Did you ever play the game “what if” as a child? What if I won a million dollars? What if Joey (Sally) likes me? What if the Giants (Jets) win the Super Bowl? While we’re being a little sophomoric with these examples, in investing, we also consider the what ifs. While our base case—the most likely outcome—is not part of our “what if” scenario, it’s important to consider the range of possible situations that could play out. In our new blog series, we address the “what ifs” we are talking about the most, and how they could change the trajectory of the economy and markets.

What If [Insert Name] Wins the Election?

Our first “what if” looks at the upcoming presidential election. Knowing that this is a polarizing discussion, we are intentionally prioritizing our discussion around how markets typically react to elections, regardless of which political party or candidate wins. As the field of candidates thins out, we will then publish our perspective on comparing policy priorities and the potential impact on industries and the markets.

Investors often fear a sell-off if their candidate loses. Yet, based on our research, the policy agenda and equity market response may not always be tied together. For instance, in 2016, several well-known market participants predicted that the equity market would fall between 4% and 30% should President Trump win. In reality, the markets rose one day after the election and continued to rise in the year following—by over 20% (Display).

How Markets React to an Election Outcome

Our research concludes that there are two reasons why investors’ fears that markets will fall as a result of an election outcome may be misplaced.

First, there is a powerful pattern of markets ignoring presidential contests for most of the year, then playing catch up in the last six weeks or so before the election. This pattern means that irrespective of anyone’s policy agenda, the market fails to react. This is not to say that markets don’t react to changes in policy during a presidential term. Agendas that are transformed into actual legal or regulatory policy do trigger market reactions as the financial impact is digested, and ultimately manifested.

Second, recessions are more predictive of sell-offs in election years than who wins. Negative equity returns in non-recessionary election years are extremely unusual. In fact, there have been only two election years where markets fell that could not be tied to a recession—in 1940 during the fall of Western Europe and in 2000 as the dot-com bubble burst (Display). So, forecasting a recession is far more important than predicting who wins a presidential election when projecting market performance.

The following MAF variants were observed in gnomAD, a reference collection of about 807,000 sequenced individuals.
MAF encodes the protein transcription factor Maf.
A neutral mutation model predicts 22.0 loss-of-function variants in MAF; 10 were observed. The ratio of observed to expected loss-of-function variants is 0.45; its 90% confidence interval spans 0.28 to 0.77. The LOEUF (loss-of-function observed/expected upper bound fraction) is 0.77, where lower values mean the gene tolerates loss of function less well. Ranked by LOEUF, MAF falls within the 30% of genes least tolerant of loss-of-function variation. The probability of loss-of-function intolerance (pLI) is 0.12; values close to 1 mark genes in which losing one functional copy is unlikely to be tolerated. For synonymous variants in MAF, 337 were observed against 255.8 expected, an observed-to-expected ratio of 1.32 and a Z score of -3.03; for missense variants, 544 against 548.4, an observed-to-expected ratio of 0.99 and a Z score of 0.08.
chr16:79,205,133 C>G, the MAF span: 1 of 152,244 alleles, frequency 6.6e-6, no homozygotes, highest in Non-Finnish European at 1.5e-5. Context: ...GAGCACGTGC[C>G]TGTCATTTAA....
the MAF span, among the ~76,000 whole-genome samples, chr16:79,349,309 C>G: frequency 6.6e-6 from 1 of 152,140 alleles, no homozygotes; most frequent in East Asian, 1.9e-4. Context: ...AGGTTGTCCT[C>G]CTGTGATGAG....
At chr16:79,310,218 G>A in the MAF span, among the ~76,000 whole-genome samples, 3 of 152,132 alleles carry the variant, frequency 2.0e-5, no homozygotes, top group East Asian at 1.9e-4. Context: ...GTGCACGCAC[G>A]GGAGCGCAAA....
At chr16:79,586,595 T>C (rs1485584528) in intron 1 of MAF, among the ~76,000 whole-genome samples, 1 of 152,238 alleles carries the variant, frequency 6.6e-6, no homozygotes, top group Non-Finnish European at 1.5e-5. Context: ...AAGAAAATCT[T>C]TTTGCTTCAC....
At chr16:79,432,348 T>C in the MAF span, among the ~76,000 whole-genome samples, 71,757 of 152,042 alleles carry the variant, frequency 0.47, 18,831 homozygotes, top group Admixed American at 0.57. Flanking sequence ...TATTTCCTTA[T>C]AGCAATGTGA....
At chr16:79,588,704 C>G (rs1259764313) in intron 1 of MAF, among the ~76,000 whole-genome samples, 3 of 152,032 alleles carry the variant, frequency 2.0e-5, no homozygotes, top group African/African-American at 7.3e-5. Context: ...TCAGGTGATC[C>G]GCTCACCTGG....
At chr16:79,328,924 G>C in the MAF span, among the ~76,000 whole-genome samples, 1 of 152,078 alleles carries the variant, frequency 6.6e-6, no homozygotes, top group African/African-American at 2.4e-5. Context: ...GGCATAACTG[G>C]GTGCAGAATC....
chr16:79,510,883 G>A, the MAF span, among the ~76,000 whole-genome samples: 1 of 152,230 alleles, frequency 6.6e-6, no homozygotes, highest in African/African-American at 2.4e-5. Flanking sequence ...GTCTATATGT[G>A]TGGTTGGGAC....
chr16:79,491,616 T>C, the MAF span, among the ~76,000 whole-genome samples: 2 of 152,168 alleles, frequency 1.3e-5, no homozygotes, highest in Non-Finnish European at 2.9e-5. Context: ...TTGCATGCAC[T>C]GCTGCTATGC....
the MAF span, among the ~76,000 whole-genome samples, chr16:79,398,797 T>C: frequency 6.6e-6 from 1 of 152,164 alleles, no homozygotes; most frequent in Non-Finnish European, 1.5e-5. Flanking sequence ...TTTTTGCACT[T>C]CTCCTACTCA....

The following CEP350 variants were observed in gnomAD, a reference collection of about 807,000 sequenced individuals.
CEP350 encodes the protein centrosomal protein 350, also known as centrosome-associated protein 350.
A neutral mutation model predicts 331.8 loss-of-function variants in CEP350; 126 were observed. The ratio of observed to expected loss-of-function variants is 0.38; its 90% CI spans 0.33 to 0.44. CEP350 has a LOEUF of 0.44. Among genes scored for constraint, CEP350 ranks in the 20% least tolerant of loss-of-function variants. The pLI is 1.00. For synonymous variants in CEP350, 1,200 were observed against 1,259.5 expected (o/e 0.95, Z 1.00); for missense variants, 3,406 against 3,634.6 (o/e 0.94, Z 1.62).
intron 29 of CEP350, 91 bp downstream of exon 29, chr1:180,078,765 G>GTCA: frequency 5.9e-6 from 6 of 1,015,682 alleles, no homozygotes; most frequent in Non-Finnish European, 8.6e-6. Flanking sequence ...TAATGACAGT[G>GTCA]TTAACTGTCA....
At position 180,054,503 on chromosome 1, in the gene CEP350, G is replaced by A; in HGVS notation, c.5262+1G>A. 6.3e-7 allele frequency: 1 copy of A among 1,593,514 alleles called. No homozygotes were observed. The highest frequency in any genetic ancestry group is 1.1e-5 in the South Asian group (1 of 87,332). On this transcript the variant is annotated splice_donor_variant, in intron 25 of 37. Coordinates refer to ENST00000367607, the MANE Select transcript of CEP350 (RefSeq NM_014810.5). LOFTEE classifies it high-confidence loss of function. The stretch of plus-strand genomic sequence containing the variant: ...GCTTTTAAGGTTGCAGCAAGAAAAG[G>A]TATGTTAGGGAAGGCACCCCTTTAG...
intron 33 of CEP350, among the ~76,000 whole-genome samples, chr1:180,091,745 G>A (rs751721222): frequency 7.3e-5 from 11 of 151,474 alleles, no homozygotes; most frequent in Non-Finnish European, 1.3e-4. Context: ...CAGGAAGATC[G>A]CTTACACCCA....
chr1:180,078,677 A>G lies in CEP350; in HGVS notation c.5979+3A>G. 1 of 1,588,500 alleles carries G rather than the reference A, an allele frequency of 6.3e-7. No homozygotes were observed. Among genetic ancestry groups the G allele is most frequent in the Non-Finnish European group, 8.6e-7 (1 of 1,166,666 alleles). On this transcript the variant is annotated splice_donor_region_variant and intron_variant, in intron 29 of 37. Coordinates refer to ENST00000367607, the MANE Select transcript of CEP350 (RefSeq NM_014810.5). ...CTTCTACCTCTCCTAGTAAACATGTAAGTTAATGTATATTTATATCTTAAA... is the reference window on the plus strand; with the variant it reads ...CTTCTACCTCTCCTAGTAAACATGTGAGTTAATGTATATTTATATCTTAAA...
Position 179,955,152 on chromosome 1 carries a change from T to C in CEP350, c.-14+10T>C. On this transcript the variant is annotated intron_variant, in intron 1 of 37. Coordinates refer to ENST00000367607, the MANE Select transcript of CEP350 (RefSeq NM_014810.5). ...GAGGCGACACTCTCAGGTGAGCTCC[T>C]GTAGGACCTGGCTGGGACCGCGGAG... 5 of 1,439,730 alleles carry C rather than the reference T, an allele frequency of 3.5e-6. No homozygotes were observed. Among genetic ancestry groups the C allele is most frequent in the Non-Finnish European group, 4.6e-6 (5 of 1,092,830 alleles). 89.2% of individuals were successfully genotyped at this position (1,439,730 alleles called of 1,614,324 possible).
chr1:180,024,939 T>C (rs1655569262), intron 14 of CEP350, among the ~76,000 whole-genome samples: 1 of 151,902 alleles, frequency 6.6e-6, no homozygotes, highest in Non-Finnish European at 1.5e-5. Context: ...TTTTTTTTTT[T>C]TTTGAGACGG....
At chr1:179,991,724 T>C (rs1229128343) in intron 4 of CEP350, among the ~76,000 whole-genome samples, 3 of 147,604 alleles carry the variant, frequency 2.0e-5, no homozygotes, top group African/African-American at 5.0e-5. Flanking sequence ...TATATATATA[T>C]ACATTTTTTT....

Together, these point to an expectation that the markets could shrug off the outcome of the election, both early in the year, and after the polls close on November 3. But what if the fears become self-fulfilling?

Perception Becomes Reality

The behavior of investors is an important component of how well a market performs. Sentiment can often overrule fundamentals, especially in the short run. If the market becomes fearful of the leading candidate, or the winner’s policy agenda, then markets can move lower. And if the market moves down on that worry, it can cause a snowball cycle of more fear, which would push returns even further down, and on and on. So, while empirical evidence points toward markets staying positive unless a recession hits, market perception could short-circuit that expectation.

Our Base Case

Our outlook for this year is one of slowing US economic growth with elevated uncertainty. Softness in manufacturing and trade—even if the trade war is resolved—may spill over into labor and while we’re not forecasting a sharp deceleration, we wouldn’t be surprised by some weakening in the labor markets. Importantly, we are not forecasting a recession. In this environment, we would anticipate a return to more normal equity markets, but with heightened volatility. The election news cycle could certainly add to the ups and downs.

Our asset allocation team is focused on mitigating volatility by diversifying among asset classes, geographies, and market factors, and continuing to focus on company and economic fundamentals. This is where we’ve added value in the past, and where we’re likelier to have higher predictive success than attempting to forecast election results or likely policy changes. While history tells us that “what if [fill in the blank] gets elected” probably won’t cause the markets to substantially sell off, we do think the markets will react if there is a meaningful deterioration in fundamentals.

Our next installment in our series, “What if the Markets Party Like It’s 1990?”, will be available later this month.

The views expressed herein do not constitute research, investment advice, or trade recommendations and do not necessarily represent the views of all AB portfolio-management teams.

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